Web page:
Reduction in the expression of sarcolipin (SLN), an inhibitor of sarco(endo)plasmic reticulum (SR) Ca2+-ATPase (SERCA), ameliorates severe muscular dystrophy in mice. However, the mechanism by which SLN inhibition improves muscle structure remains unclear. Here, we describe the previously unknown function of SLN in muscle differentiation in Duchenne muscular dystrophy (DMD). Overexpression of SLN in C2C12 resulted in decreased SERCA pump activity, reduced SR Ca2+ load, and increased intracellular Ca2+ (Cai 2+) concentration. In addition, SLN overexpression resulted in altered expression of myogenic markers and poor myogenic differentiation. In dystrophin-deficient dog myoblasts and myotubes, SLN expression was significantly high and associated with defective Cai 2+ cycling. The dystrophic dog myotubes were less branched and associated with decreased autophagy and increased expression of mitochondrial fusion and fission proteins. Reduction in SLN expression restored these changes and enhanced dystrophic dog myoblast fusion during differentiation. In summary, our data suggest that SLN upregulation is an intrinsic secondary change in dystrophin-deficient myoblasts and could account for the Cai 2+ mishandling, which subsequently contributes to poor myogenic differentiation. Accordingly, reducing SLN expression can improve the Cai 2+ cycling and differentiation of dystrophic myoblasts. These findings provide cellular-level supports for targeting SLN expression as a therapeutic strategy for DMD.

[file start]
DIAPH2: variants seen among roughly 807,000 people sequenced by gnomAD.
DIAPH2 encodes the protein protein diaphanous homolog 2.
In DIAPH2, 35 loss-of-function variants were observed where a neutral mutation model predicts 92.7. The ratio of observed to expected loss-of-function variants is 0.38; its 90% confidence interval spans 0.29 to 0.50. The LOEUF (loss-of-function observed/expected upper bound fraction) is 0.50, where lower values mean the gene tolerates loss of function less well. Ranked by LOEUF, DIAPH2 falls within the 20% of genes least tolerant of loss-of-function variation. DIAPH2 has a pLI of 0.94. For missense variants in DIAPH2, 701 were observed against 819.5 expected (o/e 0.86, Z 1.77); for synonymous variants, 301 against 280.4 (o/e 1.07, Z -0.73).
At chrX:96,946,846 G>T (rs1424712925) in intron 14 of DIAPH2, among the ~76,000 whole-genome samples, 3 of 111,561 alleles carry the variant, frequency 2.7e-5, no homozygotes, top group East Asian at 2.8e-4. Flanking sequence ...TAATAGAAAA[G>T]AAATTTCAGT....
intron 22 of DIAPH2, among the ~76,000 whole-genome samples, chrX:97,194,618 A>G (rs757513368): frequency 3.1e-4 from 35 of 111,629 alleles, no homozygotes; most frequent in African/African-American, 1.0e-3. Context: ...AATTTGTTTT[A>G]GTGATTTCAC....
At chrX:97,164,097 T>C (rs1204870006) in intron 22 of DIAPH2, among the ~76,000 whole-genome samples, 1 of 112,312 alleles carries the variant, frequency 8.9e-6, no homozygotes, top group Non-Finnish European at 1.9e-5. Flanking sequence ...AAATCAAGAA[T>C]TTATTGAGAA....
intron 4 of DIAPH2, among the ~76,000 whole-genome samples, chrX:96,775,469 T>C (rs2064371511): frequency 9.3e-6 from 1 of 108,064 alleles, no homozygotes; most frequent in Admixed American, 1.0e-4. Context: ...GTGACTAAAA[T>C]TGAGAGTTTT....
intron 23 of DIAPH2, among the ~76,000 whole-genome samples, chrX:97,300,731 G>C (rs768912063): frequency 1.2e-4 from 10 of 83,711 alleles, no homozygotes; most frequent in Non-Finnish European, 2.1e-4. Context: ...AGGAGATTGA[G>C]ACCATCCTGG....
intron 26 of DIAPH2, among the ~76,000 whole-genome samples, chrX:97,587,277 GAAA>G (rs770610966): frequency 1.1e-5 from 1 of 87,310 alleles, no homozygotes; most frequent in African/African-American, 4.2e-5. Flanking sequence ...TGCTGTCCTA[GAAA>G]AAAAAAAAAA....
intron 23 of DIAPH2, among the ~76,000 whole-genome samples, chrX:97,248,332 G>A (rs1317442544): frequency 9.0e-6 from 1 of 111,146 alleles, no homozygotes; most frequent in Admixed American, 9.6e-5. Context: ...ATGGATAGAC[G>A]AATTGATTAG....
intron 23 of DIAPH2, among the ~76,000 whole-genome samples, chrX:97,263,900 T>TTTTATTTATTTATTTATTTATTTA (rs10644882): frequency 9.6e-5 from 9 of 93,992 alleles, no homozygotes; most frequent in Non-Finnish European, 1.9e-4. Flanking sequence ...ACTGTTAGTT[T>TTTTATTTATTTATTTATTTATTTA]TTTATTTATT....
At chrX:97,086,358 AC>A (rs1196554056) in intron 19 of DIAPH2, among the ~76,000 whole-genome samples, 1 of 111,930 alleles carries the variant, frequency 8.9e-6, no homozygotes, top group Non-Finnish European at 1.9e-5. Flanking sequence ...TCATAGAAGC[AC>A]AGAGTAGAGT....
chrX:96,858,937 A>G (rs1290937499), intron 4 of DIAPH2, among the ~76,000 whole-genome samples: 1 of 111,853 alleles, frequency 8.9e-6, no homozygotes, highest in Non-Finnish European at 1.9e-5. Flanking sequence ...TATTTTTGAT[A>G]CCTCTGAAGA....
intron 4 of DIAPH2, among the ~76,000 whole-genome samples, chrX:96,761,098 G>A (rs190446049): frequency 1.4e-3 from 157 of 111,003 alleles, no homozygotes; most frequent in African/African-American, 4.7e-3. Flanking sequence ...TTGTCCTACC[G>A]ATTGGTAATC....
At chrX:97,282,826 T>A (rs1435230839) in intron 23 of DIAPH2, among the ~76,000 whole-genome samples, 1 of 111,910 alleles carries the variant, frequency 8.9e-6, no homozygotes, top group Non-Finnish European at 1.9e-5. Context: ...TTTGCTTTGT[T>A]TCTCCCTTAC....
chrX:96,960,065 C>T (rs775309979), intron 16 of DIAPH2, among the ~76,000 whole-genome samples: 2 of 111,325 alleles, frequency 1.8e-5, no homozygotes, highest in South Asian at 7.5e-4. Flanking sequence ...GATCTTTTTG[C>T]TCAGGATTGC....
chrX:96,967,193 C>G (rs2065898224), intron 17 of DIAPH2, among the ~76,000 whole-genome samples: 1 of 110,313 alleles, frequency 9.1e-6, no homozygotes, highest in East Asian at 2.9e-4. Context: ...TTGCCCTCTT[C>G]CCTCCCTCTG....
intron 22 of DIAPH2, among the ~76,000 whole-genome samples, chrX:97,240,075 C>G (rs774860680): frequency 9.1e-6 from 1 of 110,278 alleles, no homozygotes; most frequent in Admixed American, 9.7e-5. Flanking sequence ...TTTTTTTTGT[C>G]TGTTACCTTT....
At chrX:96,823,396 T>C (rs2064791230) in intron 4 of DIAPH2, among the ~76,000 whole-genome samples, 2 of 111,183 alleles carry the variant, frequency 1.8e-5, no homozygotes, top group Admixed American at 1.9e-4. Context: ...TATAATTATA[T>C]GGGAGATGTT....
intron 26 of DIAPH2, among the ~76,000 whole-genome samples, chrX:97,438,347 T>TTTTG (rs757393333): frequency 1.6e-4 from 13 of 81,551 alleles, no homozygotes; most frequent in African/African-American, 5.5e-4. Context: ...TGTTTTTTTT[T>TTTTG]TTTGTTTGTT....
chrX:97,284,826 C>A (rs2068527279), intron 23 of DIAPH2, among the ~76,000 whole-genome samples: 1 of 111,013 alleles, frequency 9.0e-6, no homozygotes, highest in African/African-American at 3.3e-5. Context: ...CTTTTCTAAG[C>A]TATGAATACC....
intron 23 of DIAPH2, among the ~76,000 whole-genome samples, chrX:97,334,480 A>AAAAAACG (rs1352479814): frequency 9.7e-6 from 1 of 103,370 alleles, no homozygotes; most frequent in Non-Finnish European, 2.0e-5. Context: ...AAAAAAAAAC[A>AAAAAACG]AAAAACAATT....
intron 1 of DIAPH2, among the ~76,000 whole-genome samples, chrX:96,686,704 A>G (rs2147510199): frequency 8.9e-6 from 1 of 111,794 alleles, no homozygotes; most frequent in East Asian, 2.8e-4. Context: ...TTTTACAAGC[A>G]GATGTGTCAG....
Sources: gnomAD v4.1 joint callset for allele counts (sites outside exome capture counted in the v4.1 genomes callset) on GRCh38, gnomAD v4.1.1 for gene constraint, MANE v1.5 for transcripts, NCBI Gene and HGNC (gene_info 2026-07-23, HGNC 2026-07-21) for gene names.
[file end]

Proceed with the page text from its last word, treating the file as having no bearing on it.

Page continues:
All Science Journal Classification (ASJC) codes
- Cell Biology
- Duchenne muscular dystrophy
- Myoblast fusion